Lemon parsley chicken is not quite as rich as a Poulet a la Francaise because the sauce is not finished with butter.  The wontons have a very nice flavor and they are a good accompaniment for the chicken.  This is a tasty lunch entree or light dinner!  

     Sun Dried Tomato Spinach Wonton Recipe:
     Heat 2 cups of water in a sauce pot over low heat.
     Add 3 sun dried tomato halves.
     Simmer the sun dried tomatoes, till they become soft.
     Remove the reconstituted sun dried tomatoes from the water and finely chop them.
     Heat a saute pan over medium/medium low heat.
     Add 1/2 tablespoon of olive oil.
     Add 1 clove of minced garlic.
     When the garlic turns a golden color add 1 handful of fresh spinach leaves.
     Add the chopped sun dried tomatoes.
     Saute till the spinach becomes wilted.
     Season with sea salt and white pepper.
     Remove the spinach and sun dried tomato wonton stuffing from the heat and let it cool.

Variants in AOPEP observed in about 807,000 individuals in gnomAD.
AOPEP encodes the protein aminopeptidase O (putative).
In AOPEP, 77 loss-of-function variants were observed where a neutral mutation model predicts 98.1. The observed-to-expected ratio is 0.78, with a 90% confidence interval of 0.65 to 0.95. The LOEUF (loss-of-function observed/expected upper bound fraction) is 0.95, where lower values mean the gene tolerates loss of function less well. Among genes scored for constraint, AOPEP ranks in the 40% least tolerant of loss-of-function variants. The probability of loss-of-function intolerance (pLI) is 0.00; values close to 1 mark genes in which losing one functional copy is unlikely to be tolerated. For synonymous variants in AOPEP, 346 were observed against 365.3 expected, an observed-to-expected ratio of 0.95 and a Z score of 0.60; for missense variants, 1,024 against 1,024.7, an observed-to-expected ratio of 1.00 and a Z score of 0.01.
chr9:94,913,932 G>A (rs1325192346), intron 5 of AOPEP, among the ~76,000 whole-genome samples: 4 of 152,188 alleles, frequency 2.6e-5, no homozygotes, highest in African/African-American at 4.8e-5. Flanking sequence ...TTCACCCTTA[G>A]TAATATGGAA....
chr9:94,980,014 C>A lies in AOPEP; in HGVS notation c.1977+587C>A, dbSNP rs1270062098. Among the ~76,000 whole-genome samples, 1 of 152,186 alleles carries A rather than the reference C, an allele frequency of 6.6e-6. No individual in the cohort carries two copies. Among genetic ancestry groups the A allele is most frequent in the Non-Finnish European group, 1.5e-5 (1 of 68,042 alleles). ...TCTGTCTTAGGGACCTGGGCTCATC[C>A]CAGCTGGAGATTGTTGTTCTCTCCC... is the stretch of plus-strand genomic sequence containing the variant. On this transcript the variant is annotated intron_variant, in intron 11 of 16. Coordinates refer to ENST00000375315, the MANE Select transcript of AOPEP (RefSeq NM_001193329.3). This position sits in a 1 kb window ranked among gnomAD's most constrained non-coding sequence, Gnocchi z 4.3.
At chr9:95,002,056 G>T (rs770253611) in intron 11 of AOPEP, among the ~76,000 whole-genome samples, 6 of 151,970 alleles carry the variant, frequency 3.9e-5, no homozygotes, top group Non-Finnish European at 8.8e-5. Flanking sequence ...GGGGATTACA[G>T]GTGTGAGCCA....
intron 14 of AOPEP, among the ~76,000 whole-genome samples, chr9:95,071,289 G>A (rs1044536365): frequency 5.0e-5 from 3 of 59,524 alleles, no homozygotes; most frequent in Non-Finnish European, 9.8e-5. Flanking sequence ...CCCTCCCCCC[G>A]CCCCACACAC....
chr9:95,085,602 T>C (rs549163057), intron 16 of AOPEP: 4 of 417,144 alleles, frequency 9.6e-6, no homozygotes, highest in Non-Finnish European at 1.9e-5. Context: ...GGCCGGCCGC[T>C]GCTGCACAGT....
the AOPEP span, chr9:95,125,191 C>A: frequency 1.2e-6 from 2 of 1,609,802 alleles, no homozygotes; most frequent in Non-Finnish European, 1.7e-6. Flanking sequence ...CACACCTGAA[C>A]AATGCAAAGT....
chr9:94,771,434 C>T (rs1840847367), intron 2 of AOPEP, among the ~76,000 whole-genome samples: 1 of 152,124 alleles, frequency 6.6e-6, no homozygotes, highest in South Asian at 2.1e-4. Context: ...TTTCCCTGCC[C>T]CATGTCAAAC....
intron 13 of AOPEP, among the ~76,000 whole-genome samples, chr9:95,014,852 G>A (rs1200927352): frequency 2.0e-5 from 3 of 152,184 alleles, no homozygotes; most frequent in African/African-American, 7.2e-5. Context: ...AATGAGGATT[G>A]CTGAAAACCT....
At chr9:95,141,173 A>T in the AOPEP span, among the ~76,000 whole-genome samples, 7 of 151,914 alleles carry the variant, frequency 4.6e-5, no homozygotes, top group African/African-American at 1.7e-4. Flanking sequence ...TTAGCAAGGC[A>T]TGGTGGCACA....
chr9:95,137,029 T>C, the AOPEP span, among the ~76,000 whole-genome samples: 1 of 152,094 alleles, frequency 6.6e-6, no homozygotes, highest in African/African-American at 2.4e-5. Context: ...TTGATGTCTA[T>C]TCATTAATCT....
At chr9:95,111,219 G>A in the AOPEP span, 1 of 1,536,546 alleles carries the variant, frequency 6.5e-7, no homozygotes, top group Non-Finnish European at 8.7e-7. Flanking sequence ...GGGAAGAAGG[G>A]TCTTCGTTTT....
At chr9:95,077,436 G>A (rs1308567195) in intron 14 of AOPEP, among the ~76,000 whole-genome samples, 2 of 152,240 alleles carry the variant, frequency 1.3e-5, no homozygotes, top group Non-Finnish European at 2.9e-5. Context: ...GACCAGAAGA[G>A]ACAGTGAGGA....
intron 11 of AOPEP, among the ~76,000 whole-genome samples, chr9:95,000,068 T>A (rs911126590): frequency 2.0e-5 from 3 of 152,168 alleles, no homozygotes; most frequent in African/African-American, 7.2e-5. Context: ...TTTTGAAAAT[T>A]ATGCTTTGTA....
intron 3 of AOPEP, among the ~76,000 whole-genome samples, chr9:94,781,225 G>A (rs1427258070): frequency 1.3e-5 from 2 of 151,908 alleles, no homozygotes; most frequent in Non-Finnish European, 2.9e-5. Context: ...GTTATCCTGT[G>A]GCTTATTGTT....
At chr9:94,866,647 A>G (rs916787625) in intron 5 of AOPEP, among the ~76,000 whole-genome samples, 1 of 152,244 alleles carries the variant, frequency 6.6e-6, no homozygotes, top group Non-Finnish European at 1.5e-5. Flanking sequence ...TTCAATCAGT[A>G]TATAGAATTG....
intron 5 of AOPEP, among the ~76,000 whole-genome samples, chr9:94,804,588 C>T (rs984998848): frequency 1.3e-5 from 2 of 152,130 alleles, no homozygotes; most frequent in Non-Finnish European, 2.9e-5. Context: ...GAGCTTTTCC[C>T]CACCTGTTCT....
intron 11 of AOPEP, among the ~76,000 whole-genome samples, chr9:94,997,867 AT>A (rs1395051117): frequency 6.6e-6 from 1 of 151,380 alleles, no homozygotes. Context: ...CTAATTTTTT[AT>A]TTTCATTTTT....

Place 4 wonton wrappers on a counter top.  (Store bought pre-made wonton wrappers are fine for this recipe.)
     Place a dab of the sun dried tomato spinach stuffing on the middle of a wonton wrapper.
     Brush the edges of the wonton wrappers with egg wash.
     Form a simple triangle shaped wonton fold.
     Allow the wontons to dry in open air for five minutes.
     Heat a pot of water over high heat, so the wontons can be cooked later in the recipe.
  
     Lemon Parsley Chicken Recipe:
     Butterfly cut a 6 to 8 ounce chicken filet into two pieces, so they are an even thickness.